"As you know, that's an 11-man operation. It's not just one man making a touchdown. We've got guys that now have gained a lot of experience. The results, I think, are coming. I'm confident that we'll be better and better as we go down the road here."

Jones is not blaming his struggles on his knee injury. He is no longer listed on the injury report and has been playing for the past five games with no setbacks to his knee. Meanwhile, Jones' teammates say they haven't noticed any frustration in Jones' demeanor.

"Honestly, Jacoby's like my big brother and took me under his wing, and looking at him outside in, he's handled everything like a professional," rookie wide receiver Marlon Brown said. "He hasn't been too high or too low. He's staying even-keel. It's going to pay off for him soon."

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Offensively, Jones hasn't been involved much as he's caught 17 passes for 160 yards with one touchdown while being targeted just 25 times by quarterback Joe Flacco as they've frequently struggled to connect for significant yardage.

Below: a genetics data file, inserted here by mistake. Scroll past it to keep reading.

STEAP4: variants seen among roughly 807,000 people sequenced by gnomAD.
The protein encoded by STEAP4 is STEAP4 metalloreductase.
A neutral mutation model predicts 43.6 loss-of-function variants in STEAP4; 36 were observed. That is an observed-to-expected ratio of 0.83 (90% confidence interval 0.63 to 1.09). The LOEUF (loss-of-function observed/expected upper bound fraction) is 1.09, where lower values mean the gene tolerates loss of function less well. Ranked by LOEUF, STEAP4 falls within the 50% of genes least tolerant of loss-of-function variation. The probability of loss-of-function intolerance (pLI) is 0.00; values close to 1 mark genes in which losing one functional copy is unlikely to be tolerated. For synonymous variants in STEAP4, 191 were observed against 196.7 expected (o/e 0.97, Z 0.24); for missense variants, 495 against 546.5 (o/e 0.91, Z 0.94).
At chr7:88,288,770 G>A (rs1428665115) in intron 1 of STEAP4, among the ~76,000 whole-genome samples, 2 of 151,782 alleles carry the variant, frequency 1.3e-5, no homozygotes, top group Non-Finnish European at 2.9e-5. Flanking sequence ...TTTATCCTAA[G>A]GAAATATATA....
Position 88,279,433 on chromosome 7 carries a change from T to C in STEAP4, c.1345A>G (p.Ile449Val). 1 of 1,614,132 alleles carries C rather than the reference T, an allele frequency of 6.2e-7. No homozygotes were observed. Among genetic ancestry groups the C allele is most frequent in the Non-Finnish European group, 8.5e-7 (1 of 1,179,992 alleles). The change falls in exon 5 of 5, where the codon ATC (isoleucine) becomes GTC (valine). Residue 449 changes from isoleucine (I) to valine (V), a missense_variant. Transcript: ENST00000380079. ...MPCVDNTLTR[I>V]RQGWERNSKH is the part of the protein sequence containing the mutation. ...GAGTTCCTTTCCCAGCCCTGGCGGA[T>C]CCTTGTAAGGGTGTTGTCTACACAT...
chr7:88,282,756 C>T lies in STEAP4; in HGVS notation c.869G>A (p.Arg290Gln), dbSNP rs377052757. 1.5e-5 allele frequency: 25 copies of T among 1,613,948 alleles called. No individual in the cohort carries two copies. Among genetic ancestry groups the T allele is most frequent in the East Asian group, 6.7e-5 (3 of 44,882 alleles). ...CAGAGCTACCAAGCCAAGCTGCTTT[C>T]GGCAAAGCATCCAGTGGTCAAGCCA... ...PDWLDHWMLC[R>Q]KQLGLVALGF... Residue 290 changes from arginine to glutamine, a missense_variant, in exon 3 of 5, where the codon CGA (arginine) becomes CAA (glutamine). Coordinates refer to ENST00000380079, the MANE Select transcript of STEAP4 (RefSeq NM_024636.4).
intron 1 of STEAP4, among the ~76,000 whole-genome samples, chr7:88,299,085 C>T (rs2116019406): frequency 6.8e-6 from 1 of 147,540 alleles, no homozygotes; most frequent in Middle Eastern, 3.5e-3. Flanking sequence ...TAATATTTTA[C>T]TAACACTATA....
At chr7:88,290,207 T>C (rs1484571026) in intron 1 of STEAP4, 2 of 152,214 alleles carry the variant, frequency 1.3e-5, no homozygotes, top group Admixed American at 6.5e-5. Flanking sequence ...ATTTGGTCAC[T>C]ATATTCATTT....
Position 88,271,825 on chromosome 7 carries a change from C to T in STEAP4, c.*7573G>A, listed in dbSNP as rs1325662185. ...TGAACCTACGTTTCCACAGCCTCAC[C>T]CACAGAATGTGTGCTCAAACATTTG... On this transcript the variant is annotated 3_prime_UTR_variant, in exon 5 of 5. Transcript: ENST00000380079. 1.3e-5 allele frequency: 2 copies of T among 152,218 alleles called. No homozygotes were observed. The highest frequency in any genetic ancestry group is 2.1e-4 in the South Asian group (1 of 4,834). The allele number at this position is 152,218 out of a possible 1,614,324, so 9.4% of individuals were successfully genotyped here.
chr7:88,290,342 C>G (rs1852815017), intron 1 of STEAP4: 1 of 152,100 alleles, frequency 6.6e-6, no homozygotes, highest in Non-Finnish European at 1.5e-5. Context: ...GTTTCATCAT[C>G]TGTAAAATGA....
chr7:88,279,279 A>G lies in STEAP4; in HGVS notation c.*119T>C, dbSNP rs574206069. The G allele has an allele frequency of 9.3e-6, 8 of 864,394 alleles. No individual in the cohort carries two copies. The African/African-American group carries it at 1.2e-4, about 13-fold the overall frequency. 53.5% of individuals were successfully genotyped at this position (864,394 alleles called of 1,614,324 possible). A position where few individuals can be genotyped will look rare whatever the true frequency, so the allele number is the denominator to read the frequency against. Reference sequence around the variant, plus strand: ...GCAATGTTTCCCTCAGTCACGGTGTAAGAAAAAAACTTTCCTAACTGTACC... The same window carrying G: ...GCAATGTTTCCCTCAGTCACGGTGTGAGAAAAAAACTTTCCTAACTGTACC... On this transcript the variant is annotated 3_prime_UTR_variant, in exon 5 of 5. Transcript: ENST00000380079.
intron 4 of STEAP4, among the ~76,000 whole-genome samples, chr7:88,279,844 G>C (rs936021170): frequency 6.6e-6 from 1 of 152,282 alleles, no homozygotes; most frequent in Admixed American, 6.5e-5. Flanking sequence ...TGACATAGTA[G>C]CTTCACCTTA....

Flacco and Jones clearly haven't been in sync.

"I'm running routes every day after practice with Joe," Jones said. "We're getting there. They throw the ball, I catch it. It's just how the flow of the game goes. It's there. Those plays are going to come. We've got six games left to play and more games if we make the playoffs. There's still time."

This is a contract year for Jones, the final season of a two-year, $6.5 million contract that included a $1.8 million signing bonus. Ideally, Jones said he'd like to return next season, but he'll need a new contract in order for that to happen.

"Yeah, of course, I plan on retiring here," said Jones, who's making $4 million this season. "We're going to leave that up to the upstairs [Ravens management] and my agent [Kennard McGuire]. Right now, all I can do is play ball."